Plenty of people put an emphasis on being “smart”. The ability to learn and retain useful information is an important lifelong skill. It’s easy to envy someone else for their wealth, beauty, or proportional physique. But do you ever find yourself feeling jealous of someone’s seemingly effortless ability to learn new things? Similarly, have you ever wished you had the same strong memory you had in your youth?

Your mind — both the conscious and the subconscious — is the workhorse that is responsible for governing every action you take, so the desire to keep it strong and active is natural. The good news is that we can do a few incredibly easy things every day to ensure that our minds are working at peak performance.


Your diet may not be the first thing you think of when looking for major players in your cognitive function, but your gut is often referred to as your “second brain”. In fact, the majority of your body’s serotonin — the chemical which plays a vital role in brain functions such as emotional wellness, sleep, and even sex-drive — is concentrated in the gut, with over 90% being produced and used there.

Given that your gut and brain are interconnected and dependant on each other in this and many other surprising ways, that old saying “you are what you eat” may have more science behind it than we realize. If we want optimal results, we need to make sure we are feeding our bodies things that will help, rather than hurt, our cognitive function.

Other than eating a balanced diet there are some vitamins that have been found to be helpful in keeping your mind sharp. Numerous foods have proven benefits on mind and body alike. Omega 3s and Vitamin D have been shown to aid in memory and learning, probiotics assist with gut health and improved immunity, and Vitamin B12 protects against brain atrophy in old age.


A good workout, a brisk walk, or a short jog has the ability to increase blood flow to your brain – more specifically the hippocampus – which is responsible for memory. There are studies showing that people who did more aerobic exercise had less tissue density loss than those who did not exercise regularly. And yet other studies show that exercise helps you to better handle stress, make clear decisions, and improves your ability to learn.

If exercise is the yin of body/brain wellness, meditation is the yang. Mental focus and clear thinking can wane when you are stressed out. There’s no question that meditation is a great tool to de-stress and improve your overall mood, but studies show that meditation actually activates parts of your brain important for memory and learning.  It even raises IQ scores over time. Getting physical doesn’t just mean exercising your brains out (no pun intended). Spending your time on the go is good for your health, but also make sure to reserve time for the physical relief that only meditation brings.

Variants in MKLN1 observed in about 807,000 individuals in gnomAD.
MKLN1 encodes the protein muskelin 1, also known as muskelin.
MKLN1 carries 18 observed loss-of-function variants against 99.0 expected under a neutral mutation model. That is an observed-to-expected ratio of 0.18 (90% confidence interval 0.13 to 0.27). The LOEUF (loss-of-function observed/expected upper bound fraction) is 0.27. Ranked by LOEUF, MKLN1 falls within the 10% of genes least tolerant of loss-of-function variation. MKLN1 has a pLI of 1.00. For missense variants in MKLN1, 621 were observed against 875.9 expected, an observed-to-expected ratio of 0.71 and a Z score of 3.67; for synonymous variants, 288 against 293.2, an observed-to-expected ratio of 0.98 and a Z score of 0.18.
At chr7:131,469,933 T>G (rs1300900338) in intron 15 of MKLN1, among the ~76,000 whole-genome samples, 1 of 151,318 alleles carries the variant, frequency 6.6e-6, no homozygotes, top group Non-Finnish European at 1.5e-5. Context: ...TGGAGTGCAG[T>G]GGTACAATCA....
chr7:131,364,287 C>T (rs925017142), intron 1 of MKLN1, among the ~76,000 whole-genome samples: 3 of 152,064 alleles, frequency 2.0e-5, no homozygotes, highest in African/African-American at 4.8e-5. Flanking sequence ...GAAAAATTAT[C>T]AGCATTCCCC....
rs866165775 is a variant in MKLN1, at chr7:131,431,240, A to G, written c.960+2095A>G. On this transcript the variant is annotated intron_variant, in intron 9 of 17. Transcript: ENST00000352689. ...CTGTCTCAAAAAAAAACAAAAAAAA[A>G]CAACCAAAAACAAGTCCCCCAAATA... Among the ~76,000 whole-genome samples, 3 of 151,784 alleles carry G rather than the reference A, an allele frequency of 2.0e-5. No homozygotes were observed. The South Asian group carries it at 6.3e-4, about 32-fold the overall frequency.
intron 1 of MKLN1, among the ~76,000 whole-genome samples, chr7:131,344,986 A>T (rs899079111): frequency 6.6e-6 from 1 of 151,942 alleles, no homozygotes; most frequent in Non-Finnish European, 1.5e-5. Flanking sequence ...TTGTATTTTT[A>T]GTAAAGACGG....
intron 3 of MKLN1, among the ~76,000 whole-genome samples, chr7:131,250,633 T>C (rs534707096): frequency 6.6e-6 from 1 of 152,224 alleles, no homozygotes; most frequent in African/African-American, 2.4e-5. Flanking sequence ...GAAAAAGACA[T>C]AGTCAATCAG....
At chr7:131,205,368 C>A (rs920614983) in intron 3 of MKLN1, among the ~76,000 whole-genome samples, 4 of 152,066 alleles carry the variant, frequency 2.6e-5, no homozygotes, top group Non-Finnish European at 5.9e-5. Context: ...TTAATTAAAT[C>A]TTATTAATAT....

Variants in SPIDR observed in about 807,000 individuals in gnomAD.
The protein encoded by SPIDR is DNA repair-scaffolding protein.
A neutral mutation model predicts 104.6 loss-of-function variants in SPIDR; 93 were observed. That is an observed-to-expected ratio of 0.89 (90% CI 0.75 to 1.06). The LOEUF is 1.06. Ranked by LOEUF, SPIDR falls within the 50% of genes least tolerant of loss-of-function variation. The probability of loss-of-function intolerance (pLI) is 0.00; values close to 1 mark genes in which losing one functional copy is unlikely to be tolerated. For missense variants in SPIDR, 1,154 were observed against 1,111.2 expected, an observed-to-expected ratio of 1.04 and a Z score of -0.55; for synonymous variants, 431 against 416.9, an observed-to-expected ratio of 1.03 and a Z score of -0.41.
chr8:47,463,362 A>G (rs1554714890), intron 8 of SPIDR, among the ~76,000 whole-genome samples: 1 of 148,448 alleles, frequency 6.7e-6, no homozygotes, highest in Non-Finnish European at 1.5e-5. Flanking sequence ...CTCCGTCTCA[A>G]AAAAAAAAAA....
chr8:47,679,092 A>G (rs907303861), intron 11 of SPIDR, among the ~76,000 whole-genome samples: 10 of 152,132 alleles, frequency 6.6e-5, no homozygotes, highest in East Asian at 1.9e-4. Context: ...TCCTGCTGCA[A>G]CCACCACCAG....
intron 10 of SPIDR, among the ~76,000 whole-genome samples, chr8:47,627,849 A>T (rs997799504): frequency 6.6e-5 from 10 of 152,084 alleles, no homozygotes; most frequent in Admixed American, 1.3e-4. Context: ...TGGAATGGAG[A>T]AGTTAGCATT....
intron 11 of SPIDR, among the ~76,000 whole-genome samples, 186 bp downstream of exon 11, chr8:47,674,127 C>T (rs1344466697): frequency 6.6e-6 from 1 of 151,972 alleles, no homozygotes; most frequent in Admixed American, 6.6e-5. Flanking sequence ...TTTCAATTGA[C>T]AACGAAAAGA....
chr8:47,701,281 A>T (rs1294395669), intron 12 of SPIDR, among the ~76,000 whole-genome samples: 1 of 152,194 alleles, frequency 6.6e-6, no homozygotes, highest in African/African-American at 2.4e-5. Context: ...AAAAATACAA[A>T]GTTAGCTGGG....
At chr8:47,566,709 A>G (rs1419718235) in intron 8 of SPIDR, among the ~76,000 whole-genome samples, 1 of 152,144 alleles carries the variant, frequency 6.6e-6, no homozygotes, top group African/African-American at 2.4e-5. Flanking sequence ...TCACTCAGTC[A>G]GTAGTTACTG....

It is easy to get into a less-than-optimal routine. Maybe you’re feeling overdue for a veg session, or perhaps you legitimately don’t have time to take on something new. Even though your brain is an organ, treating it like a muscle brings similar benefits as physical exercise provides your body.


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Your brain needs to be challenged and stimulated every day to keep it sharp. There are many recommended things that we can do like listening to music, reading, or even spending a few minutes on fun (but mentally challenging) activities such as crossword puzzles.

You can make other changes like watching a documentary instead of scrolling social media or watching the latest episode of whichever reality tv show is popular at the moment. Even going for a walk in a new area or driving a different way to work will light up new pathways in your brain. Take the time to notice the things around you and then try to remember them later in the day, memorize a poem, or commit a new phone number you need to memory instead of just letting your smartphone do it for you.


Your brain function isn’t set in stone. No matter what stage of life you’re in, you can do some simple things to boost your brain function. Keeping your stress levels down, eating right, and exercising your mind and body are important tools to help you achieve greater cognitive function.

Writer at Sky Tripping
Desiree is a hard-working stress-busting mother of four. When she's not making avocado tacos for her little darlings, she's finding new and exciting ways to irritate her editors. Desiree loves warming up by a wood burning stove, wearing yoga pants, and sipping on a tall cup of Crio Bru.

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